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Art Critique Essay History Humanities Nonfiction Social Sciences Theory

Queer Mexico: Cinema and Television since 2000 (Queer Screens)

By Paul Julian Smith, 2017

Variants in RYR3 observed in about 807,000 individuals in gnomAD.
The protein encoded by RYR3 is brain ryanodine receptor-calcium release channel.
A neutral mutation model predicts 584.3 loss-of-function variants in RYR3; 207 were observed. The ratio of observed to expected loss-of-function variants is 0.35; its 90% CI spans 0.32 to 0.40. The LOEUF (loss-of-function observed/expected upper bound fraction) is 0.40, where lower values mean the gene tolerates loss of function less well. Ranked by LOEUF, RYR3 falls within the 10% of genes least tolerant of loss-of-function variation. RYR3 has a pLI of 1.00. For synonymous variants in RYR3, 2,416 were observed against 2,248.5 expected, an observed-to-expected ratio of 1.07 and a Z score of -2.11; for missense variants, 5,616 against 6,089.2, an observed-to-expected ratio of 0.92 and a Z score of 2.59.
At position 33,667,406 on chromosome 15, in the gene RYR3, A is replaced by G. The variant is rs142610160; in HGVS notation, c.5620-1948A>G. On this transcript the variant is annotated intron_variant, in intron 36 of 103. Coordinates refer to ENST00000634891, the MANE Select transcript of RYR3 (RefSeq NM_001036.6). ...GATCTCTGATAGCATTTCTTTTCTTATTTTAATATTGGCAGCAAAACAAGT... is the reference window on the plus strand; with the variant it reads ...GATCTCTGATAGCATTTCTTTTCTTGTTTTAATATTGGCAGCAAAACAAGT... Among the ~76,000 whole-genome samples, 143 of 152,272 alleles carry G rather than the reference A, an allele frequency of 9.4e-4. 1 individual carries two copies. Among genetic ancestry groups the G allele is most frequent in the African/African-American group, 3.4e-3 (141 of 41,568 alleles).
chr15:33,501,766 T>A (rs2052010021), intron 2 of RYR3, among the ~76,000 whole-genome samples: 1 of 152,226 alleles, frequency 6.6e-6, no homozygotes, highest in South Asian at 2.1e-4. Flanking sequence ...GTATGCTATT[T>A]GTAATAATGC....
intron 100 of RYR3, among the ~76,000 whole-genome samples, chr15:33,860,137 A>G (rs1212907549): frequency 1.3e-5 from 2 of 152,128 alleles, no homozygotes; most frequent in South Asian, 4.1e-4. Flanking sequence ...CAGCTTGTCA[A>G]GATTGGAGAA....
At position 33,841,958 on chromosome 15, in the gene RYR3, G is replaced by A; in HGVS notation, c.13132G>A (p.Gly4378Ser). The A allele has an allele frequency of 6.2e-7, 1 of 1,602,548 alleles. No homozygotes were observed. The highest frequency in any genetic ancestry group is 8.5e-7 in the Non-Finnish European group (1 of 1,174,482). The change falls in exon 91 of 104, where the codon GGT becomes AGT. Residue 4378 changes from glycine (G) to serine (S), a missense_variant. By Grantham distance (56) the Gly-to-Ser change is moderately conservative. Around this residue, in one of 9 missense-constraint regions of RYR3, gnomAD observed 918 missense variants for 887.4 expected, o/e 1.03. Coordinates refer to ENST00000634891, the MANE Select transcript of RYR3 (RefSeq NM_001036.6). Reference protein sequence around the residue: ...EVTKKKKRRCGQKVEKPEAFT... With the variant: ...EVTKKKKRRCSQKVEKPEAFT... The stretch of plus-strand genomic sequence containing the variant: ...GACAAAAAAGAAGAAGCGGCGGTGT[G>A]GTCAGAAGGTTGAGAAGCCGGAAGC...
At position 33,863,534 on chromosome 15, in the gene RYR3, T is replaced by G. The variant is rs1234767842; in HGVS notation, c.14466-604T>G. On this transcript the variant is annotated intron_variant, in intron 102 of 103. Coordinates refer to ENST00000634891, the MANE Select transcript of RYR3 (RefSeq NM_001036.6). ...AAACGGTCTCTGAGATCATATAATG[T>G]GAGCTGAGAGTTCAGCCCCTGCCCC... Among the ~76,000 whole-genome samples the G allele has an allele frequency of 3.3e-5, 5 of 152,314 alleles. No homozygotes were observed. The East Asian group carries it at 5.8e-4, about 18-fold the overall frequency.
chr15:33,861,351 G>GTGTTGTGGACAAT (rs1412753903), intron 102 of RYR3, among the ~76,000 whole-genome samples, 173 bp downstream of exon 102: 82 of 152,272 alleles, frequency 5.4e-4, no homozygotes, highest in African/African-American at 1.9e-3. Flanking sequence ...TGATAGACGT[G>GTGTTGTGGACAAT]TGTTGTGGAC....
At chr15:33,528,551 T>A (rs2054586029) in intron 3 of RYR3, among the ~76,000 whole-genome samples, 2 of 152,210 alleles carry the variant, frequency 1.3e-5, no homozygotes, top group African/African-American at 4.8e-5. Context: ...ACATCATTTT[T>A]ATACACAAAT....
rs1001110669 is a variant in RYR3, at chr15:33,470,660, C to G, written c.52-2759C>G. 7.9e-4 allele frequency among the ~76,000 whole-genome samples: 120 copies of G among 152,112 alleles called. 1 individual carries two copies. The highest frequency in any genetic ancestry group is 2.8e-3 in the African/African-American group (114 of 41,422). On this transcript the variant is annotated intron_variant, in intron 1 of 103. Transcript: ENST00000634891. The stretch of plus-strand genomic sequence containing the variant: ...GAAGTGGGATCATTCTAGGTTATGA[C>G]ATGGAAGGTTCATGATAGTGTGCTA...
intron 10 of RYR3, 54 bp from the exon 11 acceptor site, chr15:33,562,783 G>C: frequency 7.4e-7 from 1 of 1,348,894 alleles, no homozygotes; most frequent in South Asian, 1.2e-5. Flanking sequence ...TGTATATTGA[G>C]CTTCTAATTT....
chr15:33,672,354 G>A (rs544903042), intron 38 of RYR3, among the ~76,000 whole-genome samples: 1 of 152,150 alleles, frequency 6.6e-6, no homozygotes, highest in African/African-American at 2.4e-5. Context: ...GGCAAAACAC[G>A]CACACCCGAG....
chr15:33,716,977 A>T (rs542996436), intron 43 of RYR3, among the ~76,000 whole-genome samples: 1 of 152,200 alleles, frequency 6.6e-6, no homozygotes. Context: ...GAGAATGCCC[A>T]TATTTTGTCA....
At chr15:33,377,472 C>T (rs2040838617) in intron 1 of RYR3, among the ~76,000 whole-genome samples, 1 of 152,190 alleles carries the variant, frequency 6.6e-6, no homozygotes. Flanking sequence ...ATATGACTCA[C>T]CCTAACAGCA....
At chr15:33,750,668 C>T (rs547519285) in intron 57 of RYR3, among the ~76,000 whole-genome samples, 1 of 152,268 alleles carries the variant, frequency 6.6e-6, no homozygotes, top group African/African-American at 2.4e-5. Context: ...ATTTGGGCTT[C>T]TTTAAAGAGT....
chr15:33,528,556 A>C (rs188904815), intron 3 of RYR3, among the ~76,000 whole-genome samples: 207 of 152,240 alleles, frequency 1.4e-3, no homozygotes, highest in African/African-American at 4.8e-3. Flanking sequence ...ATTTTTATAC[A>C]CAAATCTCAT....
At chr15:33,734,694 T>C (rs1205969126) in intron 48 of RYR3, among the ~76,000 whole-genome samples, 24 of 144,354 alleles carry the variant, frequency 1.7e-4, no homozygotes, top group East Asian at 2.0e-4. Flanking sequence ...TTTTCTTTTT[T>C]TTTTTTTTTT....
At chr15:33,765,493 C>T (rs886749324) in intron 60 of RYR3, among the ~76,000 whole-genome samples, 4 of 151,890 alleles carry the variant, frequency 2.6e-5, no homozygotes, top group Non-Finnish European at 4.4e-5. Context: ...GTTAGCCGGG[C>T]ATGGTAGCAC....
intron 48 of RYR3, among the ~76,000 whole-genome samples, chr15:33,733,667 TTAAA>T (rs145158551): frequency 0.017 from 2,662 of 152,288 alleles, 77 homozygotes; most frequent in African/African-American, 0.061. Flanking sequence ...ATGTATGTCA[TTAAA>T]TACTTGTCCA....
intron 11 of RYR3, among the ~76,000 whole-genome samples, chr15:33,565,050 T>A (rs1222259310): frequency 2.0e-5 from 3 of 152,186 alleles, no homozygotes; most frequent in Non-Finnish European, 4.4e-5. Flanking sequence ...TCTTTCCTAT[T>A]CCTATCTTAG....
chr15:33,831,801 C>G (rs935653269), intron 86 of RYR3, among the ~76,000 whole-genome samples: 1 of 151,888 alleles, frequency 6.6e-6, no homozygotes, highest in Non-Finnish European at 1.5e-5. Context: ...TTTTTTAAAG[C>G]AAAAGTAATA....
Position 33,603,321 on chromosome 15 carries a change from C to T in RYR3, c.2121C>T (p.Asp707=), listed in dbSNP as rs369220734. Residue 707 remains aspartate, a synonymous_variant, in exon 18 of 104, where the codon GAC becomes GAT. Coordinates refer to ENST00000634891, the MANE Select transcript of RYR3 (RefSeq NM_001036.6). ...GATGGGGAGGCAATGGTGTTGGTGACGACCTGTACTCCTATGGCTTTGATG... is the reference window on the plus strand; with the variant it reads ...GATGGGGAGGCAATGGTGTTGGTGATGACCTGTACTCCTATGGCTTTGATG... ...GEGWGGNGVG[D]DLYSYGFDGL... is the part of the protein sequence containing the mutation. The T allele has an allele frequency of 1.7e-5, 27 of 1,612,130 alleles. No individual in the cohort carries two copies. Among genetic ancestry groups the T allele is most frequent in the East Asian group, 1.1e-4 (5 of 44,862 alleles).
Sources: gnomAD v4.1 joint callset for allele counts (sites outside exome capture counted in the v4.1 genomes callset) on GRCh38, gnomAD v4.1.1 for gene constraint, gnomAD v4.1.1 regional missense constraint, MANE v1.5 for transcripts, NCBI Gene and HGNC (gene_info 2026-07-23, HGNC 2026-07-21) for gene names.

Queer Mexico: Cinema and Television since 2000 provides critical analysis of both mainstream and independent audiovisual works, many of them little known, produced in Mexico since the turn of the twenty-first century. In the book, author Paul Julian Smith aims to tease out the symbiotic relationship between culture and queerness in Mexico. Smith begins with the year 2000 because of the political shift that happened within the government-the Institutional Revolutionary Party (PRI) was voted out of national office after over seventy years in power. Judicial and social changes for LGBT Mexicans came in the wake of what was known at the time as simply “the change” (“el cambio”) at the start of the millennium, bringing about an increased visibility and acknowledgment of the LGBT community. Divided into five chapters, Queer Mexico demonstrates the diversity of both representation and production processes in the Mexican film and television industry. It attempts also to reconstruct a queer cultural field for Mexico that incorporates multiple genres and techniques. The first chapter looks at LGBT festivals, porn production, and a web-distributed youth drama, claimed by its makers to be the first wholly gay series made in Mexico. The second chapter examines selected features and shorts by Mexico’s sole internationally distributed art house director, Julián Hernández. The third chapter explores the rising genre of documentary on transgender themes. The fourth chapter charts the growing trend of a gay, lesbian, or trans-focused mainstream cinema. The final chapter addresses the rich and diverse history of queer representation in Mexico’s dominant television genre and, arguably, national narrative: the telenovela. The book also includes an extensive interview with gay auteur Julián Hernández. The first book to come out of the Queer Screens series, Queer Mexico is a groundbreaking monograph for anyone interested in media or LGBT studies, especially as it relates to the culture of Latin America.

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